We divided our population into two groups according to their age (younger than 70 years old and 70 years old or more). The Total score analysis did not show significant differences according to patients’ age group, which is in accordance with previous studies where older patients tended to score as well or higher than younger patients when general perception of QoL was assessed.5,23,24 We were able to find significant results in the SeSi Score analysis, with older patients scoring higher than their younger counterparts. A previous study of 239 patients with an intestinal stoma showed that younger participants were significantly more likely to be embarrassed compared to the older ones25 and so it is likely that our results are related to the fact that younger patients tend to value more the impact of body image changes. We must also pay attention to the fact that SeSi score included a question about sexual attractiveness and previous studies found that younger patients usually presented lower scores in sexual terms.26,27 There is also evidence that when mental component is evaluated younger patients tend to have lower scores than the general population while older patients seem to have similar scores to the general population.28 Interestingly, some works observed that older patients perform worse on scores evaluating the ability to take care for the stoma, although this fact did not significantly affected their general perception of QoL.23,29 In our population this tendency was also observed (patients aged 70 years old or more had a slightly lower DeF score) although without significance. It is also documented that 69 years old or younger patients present better scores in the physical domain.15,26 Once again our results seem to be in agreement (younger patients had higher SF Scores) although without significant results.

There is some evidence that patients who underwent stoma formation because of malignant causes tend to cope better with the presence of their stoma.8 Our results show patients with malignant causes to have significantly higher scores in questions evaluating Self-esteem and Self-image (SeSi score) and social relations (FF score). Patients with malignant diseases may experience a variety of symptoms such as pain, constipation, diarrhea, loss of blood in feces or urine, weight loss and physical debilitation. This symptoms and the idea of a life-threatening disease might highlight the importance of function and symptomatic relief, leading to a better coping with body-image changes. It is also likely that this idea could make patients’ family and friends to be more supportive and present, thus improving their social support. Despite these results Total score does not differ significantly between patients with benign and malignant diseases which is in agreement with a previous study that found some significant differences in symptomatic parameters but could not find significant results in general QoL assessement.20 We must take into consideration that our population as a majority of patients with malignant diseases (90%) and results should be interpreted with caution. A more even ration between malignant and benign diseases would allow more reliable conclusions.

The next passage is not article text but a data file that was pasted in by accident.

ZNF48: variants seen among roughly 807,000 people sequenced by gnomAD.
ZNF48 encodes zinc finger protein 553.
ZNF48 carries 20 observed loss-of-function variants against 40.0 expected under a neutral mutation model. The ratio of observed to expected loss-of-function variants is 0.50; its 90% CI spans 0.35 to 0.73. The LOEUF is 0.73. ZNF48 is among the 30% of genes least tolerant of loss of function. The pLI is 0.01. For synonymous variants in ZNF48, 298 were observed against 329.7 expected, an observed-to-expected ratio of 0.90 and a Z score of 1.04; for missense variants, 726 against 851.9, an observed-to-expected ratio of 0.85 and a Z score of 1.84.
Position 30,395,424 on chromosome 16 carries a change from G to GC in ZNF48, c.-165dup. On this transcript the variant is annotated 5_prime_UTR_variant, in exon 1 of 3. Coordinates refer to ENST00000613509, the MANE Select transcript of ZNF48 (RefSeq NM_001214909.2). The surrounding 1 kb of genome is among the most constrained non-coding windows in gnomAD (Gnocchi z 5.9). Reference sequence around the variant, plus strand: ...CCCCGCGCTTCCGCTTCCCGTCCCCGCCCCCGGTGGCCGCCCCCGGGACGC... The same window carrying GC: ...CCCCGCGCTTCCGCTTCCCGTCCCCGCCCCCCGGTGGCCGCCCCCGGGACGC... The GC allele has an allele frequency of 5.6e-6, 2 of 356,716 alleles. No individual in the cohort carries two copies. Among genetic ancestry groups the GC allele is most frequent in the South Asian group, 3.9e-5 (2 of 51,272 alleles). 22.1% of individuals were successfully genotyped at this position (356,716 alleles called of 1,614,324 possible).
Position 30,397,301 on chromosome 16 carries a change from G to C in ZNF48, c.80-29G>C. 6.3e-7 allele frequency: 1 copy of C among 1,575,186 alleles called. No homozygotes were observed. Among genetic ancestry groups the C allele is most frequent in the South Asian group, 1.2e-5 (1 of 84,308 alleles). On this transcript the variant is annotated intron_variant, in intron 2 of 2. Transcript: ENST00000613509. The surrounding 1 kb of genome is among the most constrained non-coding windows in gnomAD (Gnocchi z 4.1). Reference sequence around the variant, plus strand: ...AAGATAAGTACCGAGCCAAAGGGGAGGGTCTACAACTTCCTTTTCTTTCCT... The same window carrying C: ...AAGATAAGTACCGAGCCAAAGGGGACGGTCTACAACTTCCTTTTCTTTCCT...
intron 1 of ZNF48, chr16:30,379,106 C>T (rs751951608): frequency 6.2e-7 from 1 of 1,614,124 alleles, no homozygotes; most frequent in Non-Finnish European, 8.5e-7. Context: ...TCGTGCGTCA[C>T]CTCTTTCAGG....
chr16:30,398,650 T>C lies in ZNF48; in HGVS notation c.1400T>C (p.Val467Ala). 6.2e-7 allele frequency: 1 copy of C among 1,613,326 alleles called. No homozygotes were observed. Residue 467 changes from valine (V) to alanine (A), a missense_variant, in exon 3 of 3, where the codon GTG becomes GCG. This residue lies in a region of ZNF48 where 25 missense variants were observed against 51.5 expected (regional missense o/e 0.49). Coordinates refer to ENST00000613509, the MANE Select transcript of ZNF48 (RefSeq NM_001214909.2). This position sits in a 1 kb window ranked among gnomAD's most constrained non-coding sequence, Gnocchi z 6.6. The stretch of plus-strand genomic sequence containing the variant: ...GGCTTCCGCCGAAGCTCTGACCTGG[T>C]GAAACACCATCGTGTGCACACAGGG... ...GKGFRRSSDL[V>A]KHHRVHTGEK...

The importance of emergent surgery in ostomized patients’ QoL remains controversial. There are works describing emergent surgery as a risk factor for complications while others deny it.30 It is widely accepted that correct stoma marking, surgical construction and careful follow-up are important factors in the prevention of stoma related complications.10 It has also been proved that instruction by a stomatherapy nurse prior to surgery leads to significantly better results in physical and psychological domains.16 We expected that in emergent situations where marking and counseling are not always adequately provided and there is a possible higher risk for complications patients would have lower QoL scores. However we found no significant result which is accordance with some studies that could not find significant differences when comparing general QoL between patients who had their stomas marked prior to surgery and those who had not.16

Time from surgery has been related with adaption to the stoma and improvement in body image with progressive lower levels of distress and higher levels of acceptance as time passes.8 We found no significant differences between patients who had their stoma for less than one year an those who had it for one year or more. These data are in agreement with previous works that could not find significant differences when they compared QoL general perception according to stoma's duration.16

There are few studies comparing types of stoma and QoL. Although several studies verified that patients with loop ileostomy had more complications than patients with colostomy11 it seems that there are no significant differences in QoL between the two types of stoma.20 This study showed no significant differences between patients with colostomy and ileostomy both on general QoL and domain assessment, which seems to be in agreement with the literature. However we must keep in mind the scarcity of studies and that one of the above mentioned included only patients with temporary stoma and the other had as main objective to evaluate the effect of age and not the impact of the type of stoma. Further studies are required in order to allow solid conclusions.